Kaspersky said it discovered the malware in “a collection of malware samples” that its analysts and other security firms received in February 2019.
While an initial analysis did not find any shared code with any previously-known malware samples, Kaspersky has recently re-analysed the files and said it found that “the samples have intersections of coding patterns, style and techniques that have been seen in various Lambert families”.
Lamberts is the internal codename that Kaspersky uses to track CIA hacking operations.
Four years ago, after WikiLeaks exposed the CIA hacking capabilities to the public in a series of leaks known as Vault7, US security firm Symantec publicly linked the Vault7 hacking tools to the CIA and the Longhorn APT - another industry name for Lamberts.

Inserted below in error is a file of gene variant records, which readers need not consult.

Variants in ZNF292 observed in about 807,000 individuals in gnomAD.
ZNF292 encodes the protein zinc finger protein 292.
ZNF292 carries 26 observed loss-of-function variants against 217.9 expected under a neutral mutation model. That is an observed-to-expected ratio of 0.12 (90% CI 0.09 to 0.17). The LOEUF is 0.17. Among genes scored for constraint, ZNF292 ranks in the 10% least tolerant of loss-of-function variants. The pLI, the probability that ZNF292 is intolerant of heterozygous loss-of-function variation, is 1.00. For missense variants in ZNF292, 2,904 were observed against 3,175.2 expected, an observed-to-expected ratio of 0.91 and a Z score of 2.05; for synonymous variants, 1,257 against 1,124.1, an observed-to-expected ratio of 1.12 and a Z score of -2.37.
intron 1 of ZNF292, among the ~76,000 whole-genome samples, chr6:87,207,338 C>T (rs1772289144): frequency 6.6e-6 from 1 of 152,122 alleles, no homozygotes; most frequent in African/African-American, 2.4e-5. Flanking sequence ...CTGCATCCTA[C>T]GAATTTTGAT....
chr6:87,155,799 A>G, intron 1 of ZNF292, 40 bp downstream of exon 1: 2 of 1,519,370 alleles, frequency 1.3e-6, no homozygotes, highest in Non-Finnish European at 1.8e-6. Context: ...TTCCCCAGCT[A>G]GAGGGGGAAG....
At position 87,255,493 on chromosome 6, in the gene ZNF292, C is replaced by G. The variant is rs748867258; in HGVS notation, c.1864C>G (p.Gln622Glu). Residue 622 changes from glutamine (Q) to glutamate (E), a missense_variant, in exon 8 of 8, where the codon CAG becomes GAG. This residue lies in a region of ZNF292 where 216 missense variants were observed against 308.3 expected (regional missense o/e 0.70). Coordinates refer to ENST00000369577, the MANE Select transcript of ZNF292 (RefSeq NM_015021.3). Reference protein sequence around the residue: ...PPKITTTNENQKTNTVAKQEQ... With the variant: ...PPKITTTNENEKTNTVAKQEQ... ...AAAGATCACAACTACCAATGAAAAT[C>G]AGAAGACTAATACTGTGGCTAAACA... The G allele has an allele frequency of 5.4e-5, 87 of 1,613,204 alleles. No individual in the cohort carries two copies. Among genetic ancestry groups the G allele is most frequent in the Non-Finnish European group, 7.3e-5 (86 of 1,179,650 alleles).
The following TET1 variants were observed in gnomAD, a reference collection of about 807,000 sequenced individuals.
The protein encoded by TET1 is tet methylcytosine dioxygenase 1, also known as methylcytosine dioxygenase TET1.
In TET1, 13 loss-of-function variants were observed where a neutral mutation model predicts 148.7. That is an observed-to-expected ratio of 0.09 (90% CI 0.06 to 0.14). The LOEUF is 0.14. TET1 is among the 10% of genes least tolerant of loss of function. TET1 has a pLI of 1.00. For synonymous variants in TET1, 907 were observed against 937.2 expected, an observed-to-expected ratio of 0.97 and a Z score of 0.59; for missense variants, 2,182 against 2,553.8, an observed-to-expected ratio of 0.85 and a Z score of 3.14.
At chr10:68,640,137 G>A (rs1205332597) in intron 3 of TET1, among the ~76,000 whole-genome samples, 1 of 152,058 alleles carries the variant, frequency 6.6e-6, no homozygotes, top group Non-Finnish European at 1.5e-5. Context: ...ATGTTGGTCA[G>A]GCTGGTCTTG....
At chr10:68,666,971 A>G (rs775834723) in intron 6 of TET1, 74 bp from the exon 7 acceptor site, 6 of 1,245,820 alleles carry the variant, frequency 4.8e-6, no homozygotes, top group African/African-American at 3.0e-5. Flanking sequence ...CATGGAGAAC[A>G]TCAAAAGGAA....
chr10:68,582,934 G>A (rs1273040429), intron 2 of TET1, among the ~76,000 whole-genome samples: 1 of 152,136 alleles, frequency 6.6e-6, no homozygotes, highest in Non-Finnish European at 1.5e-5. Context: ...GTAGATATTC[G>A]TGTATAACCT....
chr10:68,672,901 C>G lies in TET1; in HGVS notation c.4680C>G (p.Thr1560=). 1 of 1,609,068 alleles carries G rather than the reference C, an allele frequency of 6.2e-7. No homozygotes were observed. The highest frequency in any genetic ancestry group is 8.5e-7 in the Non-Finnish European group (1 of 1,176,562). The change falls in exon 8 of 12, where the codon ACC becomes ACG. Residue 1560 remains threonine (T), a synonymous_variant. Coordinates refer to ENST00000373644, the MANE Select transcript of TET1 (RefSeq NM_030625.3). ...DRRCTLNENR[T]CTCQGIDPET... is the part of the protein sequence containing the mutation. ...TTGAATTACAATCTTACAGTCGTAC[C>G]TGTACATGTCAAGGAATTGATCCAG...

Due to the shared similarities between these newly discovered samples and past CIA malware, Kasperksy said it is now tracking this new malware cluster as Purple Lambert.
The malware samples were compiled seven years ago and have not been seen in the wild yet. However, it is likely they were deployed in 2014 and possibly as late as 2015.
The malware acted as a backdoor trojan that listened to network traffic for specific packets that would activate it on infected hosts.
Purple Lambert is composed of several modules, with its network module passively listening for a magic packet. It is capable of providing an attacker with basic information about the infected system and executing a received payload. Its functionality reminds us of Gray Lambert, another user-mode passive listener. Gray Lambert turned out to be a replacement of the kernel-mode passive-listener White Lambert implant in multiple incidents. In addition, Purple Lambert implements functionality similar to, but in different ways, both Gray Lambert and White Lambert.